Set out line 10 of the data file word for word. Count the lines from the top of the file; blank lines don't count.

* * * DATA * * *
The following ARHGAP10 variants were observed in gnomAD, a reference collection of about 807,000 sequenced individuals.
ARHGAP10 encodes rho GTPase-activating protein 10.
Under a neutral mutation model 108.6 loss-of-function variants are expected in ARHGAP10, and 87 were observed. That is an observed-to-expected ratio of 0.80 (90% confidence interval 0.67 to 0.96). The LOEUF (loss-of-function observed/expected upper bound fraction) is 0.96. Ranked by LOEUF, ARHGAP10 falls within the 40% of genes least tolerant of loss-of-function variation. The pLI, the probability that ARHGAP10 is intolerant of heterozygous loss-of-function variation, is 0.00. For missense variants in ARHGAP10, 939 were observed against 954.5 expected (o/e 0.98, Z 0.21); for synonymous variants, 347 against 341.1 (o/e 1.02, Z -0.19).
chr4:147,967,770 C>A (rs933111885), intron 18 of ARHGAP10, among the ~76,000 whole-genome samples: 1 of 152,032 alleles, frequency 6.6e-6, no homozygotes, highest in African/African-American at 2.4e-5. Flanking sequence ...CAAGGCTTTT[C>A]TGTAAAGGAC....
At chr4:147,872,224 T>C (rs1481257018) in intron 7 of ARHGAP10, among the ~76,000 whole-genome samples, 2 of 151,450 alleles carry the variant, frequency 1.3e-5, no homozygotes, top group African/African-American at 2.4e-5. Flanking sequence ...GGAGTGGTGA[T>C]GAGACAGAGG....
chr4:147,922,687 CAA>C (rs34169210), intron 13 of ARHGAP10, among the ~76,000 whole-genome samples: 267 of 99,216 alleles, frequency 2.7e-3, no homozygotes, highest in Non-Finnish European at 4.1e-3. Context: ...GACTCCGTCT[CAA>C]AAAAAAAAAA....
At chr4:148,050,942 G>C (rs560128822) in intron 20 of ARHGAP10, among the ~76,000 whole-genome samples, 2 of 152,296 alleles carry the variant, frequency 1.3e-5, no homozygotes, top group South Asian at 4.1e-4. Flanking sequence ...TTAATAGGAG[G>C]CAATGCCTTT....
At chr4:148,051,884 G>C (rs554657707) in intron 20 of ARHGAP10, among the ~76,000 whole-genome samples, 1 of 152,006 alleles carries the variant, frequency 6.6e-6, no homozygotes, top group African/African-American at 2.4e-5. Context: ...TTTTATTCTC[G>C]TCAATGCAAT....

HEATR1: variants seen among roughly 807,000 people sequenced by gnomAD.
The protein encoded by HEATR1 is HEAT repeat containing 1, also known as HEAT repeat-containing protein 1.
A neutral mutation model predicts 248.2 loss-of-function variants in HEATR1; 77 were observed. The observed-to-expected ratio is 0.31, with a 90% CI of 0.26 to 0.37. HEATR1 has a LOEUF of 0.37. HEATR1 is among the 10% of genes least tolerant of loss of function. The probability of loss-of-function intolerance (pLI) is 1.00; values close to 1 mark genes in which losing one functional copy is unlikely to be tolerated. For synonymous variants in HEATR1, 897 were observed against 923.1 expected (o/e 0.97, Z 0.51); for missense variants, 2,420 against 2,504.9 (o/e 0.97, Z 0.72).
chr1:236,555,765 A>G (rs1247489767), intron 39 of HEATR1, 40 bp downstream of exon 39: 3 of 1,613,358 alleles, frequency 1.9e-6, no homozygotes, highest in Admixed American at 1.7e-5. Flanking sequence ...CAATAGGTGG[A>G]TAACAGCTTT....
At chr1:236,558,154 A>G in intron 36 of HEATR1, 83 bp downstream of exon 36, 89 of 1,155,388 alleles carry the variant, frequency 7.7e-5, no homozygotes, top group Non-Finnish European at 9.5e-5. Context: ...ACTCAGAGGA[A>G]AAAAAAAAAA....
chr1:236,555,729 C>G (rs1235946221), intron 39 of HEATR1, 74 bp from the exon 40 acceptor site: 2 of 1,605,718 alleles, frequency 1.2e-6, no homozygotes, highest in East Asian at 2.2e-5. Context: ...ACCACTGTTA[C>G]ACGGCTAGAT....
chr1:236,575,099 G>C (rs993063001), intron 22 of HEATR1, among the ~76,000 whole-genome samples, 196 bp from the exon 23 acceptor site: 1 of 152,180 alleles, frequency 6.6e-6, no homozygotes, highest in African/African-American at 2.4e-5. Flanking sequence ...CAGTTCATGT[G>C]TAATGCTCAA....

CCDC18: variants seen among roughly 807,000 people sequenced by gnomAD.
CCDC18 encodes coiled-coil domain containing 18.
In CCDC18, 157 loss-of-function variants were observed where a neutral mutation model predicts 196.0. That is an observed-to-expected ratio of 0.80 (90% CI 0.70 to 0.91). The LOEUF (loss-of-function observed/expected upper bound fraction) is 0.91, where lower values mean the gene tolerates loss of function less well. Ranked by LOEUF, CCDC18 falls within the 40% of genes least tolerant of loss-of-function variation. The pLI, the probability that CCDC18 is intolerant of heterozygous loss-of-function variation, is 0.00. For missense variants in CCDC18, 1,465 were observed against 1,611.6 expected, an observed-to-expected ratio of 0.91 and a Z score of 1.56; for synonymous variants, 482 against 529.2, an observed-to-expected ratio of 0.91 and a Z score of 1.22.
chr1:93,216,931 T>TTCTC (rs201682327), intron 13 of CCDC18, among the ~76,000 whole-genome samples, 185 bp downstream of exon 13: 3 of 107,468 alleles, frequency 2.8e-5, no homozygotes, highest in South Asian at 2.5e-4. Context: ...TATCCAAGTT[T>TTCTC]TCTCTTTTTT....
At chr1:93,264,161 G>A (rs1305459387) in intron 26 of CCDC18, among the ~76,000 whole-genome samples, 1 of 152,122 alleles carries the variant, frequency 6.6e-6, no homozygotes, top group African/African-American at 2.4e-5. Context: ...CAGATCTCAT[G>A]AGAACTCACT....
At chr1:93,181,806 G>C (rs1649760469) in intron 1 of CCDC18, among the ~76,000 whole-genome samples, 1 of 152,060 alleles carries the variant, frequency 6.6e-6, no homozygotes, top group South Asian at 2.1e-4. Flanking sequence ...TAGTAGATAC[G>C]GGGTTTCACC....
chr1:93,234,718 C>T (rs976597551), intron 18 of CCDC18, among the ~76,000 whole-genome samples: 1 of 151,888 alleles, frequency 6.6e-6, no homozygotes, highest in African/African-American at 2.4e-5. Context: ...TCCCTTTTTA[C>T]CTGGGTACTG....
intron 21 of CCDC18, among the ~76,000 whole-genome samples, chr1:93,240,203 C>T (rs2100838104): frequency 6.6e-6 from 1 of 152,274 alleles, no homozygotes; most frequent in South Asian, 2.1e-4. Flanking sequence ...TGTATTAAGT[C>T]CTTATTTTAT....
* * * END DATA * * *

The protein encoded by HEATR1 is HEAT repeat containing 1, also known as HEAT repeat-containing protein 1.